Video editing is one of the first skills that new YouTubers have to learn. However, while iMovie or Windows Movie Maker might be good programs for editing your first few videos, you probably want to look for more professional editing software in the long term. That’s why in this article, I’m going to review the most popular and most professional video editing software for YouTube.
What to look for in video editing software for YouTube
Before we get into reviews, it’s a good idea to think about what kind of editing software you’re looking for. Not all programs are perfect for everybody - and especially if you’re budget-conscious you want to make sure you’re making the right decision. So what should you consider when you make your pick?
There are two things to look at when it comes to compatibility: Operating systems and hardware requirements.
Not all video editing software on this list is available for all operating systems. Make sure you choose something that’s compatible with your system.
Video editing is one of the most demanding tasks you can tax your computer with. That’s why editing programs can run into problems when the tech requirements are not fulfilled. Especially lighter, smaller laptops can run out of memory (RAM) quickly, which will shut down your video editing efforts quickly.
If you don’t know what hardware your computer is equipped with, here’s how to find out on Windows and on Mac.
Number of Features vs Appropriate Learning Curve
When you’re starting out on YouTube and are super motivated to grow your channel, it can be tempting to want to buy the most professional, most expensive editing software on the market. However, the high-end editing suites usually have one problem: They are not easy to learn. In fact, they are often more complex than what the average beginning editor would need. Obviously, if you are already experienced in editing, you might actually need a more complex program with more features. That’s what I was looking for when I upgraded from Magix Movie Edit Pro (which is a semi-professional editing suite) to Adobe Premiere (which is what the pros use).
However, when I made the switch, I noticed one thing: It took me longer to edit. The reason was that I just had to learn so many new things that it slowed down my editing process considerably. I also did a ton of stuff “wrong” - for example, I would use keyframes to do audio fades instead of using the very simple audio fading effects. You don’t need to know what that means exactly; the point is that I used a more complex, tedious process to get something very simple done (and I didn’t even get it done well!).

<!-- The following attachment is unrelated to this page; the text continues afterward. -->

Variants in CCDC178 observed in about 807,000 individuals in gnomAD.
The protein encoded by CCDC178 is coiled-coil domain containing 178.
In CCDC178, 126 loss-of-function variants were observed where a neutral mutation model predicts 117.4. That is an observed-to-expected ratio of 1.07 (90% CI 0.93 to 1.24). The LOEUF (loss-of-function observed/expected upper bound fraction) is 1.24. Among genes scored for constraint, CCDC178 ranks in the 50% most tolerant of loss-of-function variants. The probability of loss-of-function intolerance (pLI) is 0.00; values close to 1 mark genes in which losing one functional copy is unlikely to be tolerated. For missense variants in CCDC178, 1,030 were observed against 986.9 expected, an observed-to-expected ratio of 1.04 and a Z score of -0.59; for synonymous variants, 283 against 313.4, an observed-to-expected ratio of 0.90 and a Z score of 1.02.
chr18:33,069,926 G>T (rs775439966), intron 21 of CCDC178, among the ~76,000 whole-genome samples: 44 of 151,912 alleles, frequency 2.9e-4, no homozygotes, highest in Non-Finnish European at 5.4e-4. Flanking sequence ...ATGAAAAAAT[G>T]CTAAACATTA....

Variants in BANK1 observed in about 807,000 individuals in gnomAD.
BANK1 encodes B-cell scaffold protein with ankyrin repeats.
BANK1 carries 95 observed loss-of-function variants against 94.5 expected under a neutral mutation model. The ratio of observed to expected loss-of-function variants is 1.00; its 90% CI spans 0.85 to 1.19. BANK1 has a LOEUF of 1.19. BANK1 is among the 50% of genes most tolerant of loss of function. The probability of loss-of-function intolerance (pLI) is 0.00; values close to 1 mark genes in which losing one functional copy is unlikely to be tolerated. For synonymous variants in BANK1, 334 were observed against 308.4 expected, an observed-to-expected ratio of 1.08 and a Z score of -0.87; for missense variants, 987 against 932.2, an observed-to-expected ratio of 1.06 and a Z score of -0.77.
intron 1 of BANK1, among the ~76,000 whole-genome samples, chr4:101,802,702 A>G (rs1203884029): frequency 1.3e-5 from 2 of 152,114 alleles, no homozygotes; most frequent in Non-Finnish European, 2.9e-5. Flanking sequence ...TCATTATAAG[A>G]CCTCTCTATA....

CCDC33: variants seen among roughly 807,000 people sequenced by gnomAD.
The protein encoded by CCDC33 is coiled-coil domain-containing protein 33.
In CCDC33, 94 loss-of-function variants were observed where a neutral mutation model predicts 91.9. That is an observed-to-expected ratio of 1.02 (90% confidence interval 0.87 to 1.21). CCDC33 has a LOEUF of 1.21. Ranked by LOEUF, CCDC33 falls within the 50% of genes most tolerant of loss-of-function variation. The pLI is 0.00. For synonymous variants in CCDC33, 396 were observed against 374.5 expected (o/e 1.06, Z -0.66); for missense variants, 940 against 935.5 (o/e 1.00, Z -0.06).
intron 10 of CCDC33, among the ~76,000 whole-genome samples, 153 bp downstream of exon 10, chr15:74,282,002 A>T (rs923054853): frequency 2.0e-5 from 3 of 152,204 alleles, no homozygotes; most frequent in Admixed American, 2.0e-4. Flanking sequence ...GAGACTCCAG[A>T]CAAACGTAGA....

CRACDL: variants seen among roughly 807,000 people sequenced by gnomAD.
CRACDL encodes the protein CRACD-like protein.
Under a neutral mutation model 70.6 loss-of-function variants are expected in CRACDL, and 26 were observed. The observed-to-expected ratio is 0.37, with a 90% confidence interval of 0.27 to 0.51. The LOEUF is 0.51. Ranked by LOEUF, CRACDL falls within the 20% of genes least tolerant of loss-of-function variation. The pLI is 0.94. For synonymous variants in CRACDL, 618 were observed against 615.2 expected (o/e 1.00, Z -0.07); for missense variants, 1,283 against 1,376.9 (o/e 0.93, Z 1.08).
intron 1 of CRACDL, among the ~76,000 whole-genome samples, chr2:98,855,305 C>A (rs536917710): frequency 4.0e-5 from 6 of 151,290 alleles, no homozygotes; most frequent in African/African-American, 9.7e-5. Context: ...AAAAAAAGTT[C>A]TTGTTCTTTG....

Now, for me, this learning curve was acceptable, because I benefit from all of Premiere’s advanced functions. However, if you don’t need a lot of functions because your video editing is simpler, you might not want to go through that. Instead you can get a program that’s less complex and doesn’t require you to watch tons of tutorials.
Video Editing Software Reviews
Now, let’s get to it!
Magix Movie Edit Pro
I used Magix Movie Edit for many years. I first started using it around 2012 when Windows Movie Maker suddenly wouldn’t open anymore. In my search for better video editing software I came across Magix Movie Edit Pro, and I’m glad I did.
Magix Movie Edit Pro is considered a “semi-professional” video editing program, which makes it a great option for many YouTube users: It’s neither too simple nor too complex. It offers tons of effects and editing options and even comes with professional stabilization plug-in Mercalli v2 (which costs $250 by itself). This will come in handy for anyone who does vlogs or shoots a lot of action footage. Many YouTubers will never need anything more complex than Magix Movie Edit Pro and its low price makes the purchase relatively risk-free. The slightly more expensive MAGIX Movie Edit Pro Plus will also support 360° editing, which is pretty cool, if you’re into that kind of stuff.
Now, here’s what you should know: Movie Edit Pro can be glitchy. While not everybody experiences problems (and there’s no software without glitches), Movie Edit Pro is definitely not known for being the most stable editing software available. In general, users seem to run more often into problems when it comes to complex and longer editing projects - so if you are “only” using it to edit simpler/shorter videos, you might not run into these issues. But who knows? I personally used Magix Movie Edit Pro for about three years with no big problems except minor glitches that would disappear after a re-start of the program or after copying my project into a new timeline. Did I get a little annoyed? Yes. Was it the end of the world? Not at all.
Another downside to using Magix Movie Edit Pro is that you have to connect it to the internet once a month in order to keep your license validated. Not a big inconvenience for most, but not ideal, either.
You can find try and buy Magix Movie Edit Pro here:
I have to admit I didn’t have Filmora on my radar at all before I started doing the research for this article - although it gets promoted heavily!
Now, when a product is recommended on a lot of sites, I often get skeptical. Usually, the products that are promoted the most are the ones that give the promoters (bloggers, YouTubers, etc.) the highest commission and aren’t necessarily of the best quality. So while keeping that in mind, I downloaded and installed Filmora and was kinda surprised.